From May to July, 2016, the “Vietnamese Buddhists Protect Rhinos” project organized by CHANGE together with WildAid and the African Wildlife Foundation has continuously hosted propagation activities on rhino protection aimed at the Vietnamese Buddhist community nationwide to call for support and solidarity to speak up about rhino poaching as well as the use of rhino horns in Vietnam, in order to raise awareness and strengthen cooperation to preserve the last remaining rhino populations.

The project received a positive response from lecturers including the Venerable Thich Vien Giac – Abbot of Tu Tan pagoda (HCMC), Thero Thich Nhat Tu – Abbot of Giac Ngo pagoda (HCMC), Thero Thich Chan Quang – Abbot of Phat Quang pagoda (Ba Ria – Vung Tau), the Venerable Thich Tam Hoa – Abbot of Hoa Phuc pagoda (Hanoi) with the attendance of over 14,000 Buddhists from all over the country, as well as engaged interest from dozens of Buddhism specialist pages who assisted in spreading the message.

To begin the series of activities, the Venerable Thich Vien Giac – Abbot of Tu Tan pagoda talked to over 1,000 Buddhists regarding the rhino horn trade and consumption in Vietnam. The Venerable was astounded, for Vietnam is poor yet is a leading country in rhino horn consumption. He earnestly called for Buddhists to share correct information about rhino horn and global rhino protection to family, friends and close ones and called for the authorities to strongly apply law enforcement to stop illegal rhino horn trading.

Next, in the spirt and at the time of Buddha’s birthday celebration at Phat Quang pagoda on May 5th, more than 10,000 Buddhists along with the Venerable Thich Chan Quang also adopted the spirit of rhino protection. Together with the mesage of saving the rhino, the Venerable also conveyed a humane message of love for all species, no distinction between human and animal because all lives are of the same value. Humans can change by giving up the concept of killing animals to satisfy selfish needs, and practice vegetarianism in order to reduce the slaughtering. He also gave a more noble message, that is, even if rhino horn were to have medicinal value, we should still refuse to use it to cure illness.

With the hope of spreaing messages of compassion and educating Buddhists nationwide in terms of rhino protection, the project continued at Hoa Phuc pagoda (Hanoi) on July 21st and received an enthusiastic response from more than 1,000 quý chư Tăng bổn tự cùng hàng Phật tử trong đạo tràng (monks?). The Venerable stated that the use of rhino horn will cause the ecosystem to become unbalanced, turn our living environment upside down and directly affect human lives, in addition to the indirect commission to the no slaughtering principle that Buddha has forbid in his apprentices. He urged people to say no to using products from rhino horn and educate their friends and close ones.

Beside the propagation activities at the pagodas, the project also organized a seminar, “Art of balance and happiness” hosted by the Venerable Thich Nhat Tu with the participation of ambassadors of the campaign including actor Hong Anh, singer Thu Minh and 120 businessmen. The seminar was an open and intimate space for businessmen to come, listen and ask questions that many people are concerned about which included how to achieve balance and to feel inner happiness due to the current streeful lifstyle we lead. Afterwhich, the Venerable Thich Nhat Tu conveyed messages and urge the Buddhist and business community to protect the ecosystem, especially to say no to endangered animal products, particularly rhino horn.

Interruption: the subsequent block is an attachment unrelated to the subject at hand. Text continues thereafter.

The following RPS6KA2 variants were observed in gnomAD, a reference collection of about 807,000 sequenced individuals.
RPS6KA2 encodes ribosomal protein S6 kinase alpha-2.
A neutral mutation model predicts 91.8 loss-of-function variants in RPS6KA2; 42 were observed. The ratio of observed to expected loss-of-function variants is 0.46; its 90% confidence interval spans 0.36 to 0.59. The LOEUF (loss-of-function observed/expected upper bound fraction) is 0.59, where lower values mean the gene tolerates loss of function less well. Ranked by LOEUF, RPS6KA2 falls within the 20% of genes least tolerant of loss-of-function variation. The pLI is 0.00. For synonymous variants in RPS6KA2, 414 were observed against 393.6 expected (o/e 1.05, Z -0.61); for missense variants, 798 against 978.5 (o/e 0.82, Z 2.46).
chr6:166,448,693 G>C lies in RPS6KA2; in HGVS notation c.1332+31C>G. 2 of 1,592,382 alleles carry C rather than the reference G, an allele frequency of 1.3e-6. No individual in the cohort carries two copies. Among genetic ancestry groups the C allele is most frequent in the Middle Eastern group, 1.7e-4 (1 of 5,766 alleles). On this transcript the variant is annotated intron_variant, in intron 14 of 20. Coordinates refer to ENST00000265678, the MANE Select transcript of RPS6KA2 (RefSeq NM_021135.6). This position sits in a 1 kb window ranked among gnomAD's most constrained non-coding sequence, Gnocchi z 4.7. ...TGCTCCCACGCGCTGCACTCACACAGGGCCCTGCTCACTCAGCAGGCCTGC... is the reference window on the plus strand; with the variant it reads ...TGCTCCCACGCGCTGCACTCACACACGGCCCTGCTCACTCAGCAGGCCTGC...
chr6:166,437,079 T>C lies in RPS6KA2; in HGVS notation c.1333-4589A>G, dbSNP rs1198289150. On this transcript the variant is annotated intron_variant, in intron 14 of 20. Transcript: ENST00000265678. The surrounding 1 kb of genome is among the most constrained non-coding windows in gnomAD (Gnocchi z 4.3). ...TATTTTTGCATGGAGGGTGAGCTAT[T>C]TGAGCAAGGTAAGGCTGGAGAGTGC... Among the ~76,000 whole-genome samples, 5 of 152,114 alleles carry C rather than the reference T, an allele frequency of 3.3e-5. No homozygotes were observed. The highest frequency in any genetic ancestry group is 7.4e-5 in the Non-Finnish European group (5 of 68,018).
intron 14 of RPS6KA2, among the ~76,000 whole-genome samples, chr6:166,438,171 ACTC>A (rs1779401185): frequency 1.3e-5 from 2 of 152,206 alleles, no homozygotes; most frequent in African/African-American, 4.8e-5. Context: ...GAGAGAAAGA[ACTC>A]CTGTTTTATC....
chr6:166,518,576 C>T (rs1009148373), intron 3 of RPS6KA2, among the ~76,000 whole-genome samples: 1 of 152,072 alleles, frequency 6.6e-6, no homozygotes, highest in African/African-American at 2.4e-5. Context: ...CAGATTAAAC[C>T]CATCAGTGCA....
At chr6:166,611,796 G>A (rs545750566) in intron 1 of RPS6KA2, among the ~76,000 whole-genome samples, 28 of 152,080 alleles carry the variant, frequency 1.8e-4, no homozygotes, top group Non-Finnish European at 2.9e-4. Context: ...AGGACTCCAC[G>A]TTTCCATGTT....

“The art of happy living is to find balance between the body and mind and to create harmony beteween humans and nature, to express love to animals, to enjoy virtue, to express selflessness, to control emotions and have leisure in controversial situations” – Venerabl Thich Nhat Tu said, “In fact, rhino horn is made of keratin, like human nails and hair. Rhino horn is not an elixir, therefore it cannot cure diseases or cancer like the rumours say. The psychology of “do what others do” in this situation is contributing to the extinction of this species and it cannot bring blessings to us and future generations.
Through these activities, the specialized Buddhist pages of Giac Ngo pagoda, Hoang Phap pagoda along with Buddhism Today and The Buddhist, etc. have all simultaneously helped spreading the message to Buddhists nationwide with the hope of stopping the rhino trade and rhino horn consumption in the near future.

Related posts

Wildlife

Dorset ospreys produce egg for first time in 200 years

Birds are focus of conservation efforts after becoming extinct due to habitat loss and shooting The Birds of Poole Harbour’s nest camera livestreams the group’s conservation efforts to reintroduce osprey to the south of England. Photograph: Birds of Poole Harbour A pair of ospreys have made the first breeding attempt…

26/04/2022
Wildlife

How Rathkeale’s ‘Dead Zoo’ gang made a fortune from the Rhino horn trade – Part One

In this week’s special investigation, the Sunday World looks at how a Limerick gang became wealthy selling animal parts to Chinese medicine dealers The Dead Zoo is the name the famous Dublin ‘wits’ came up with for the Natural History Museum in the capital. The quirky Victorian-era institution is packed…

21/04/2022
Wildlife

Cold case: Half-hearted prosecution lets ivory traffickers escape in Uganda

In January 2019, authorities in Uganda intercepted a shipment of nearly 4 tons of elephant ivory and pangolin scales on its way to the capital, Kampala, from the neighboring Democratic Republic of Congo. What’s happened in the three years since then illustrates weaknesses in the country’s enforcement of laws against…

01/04/2022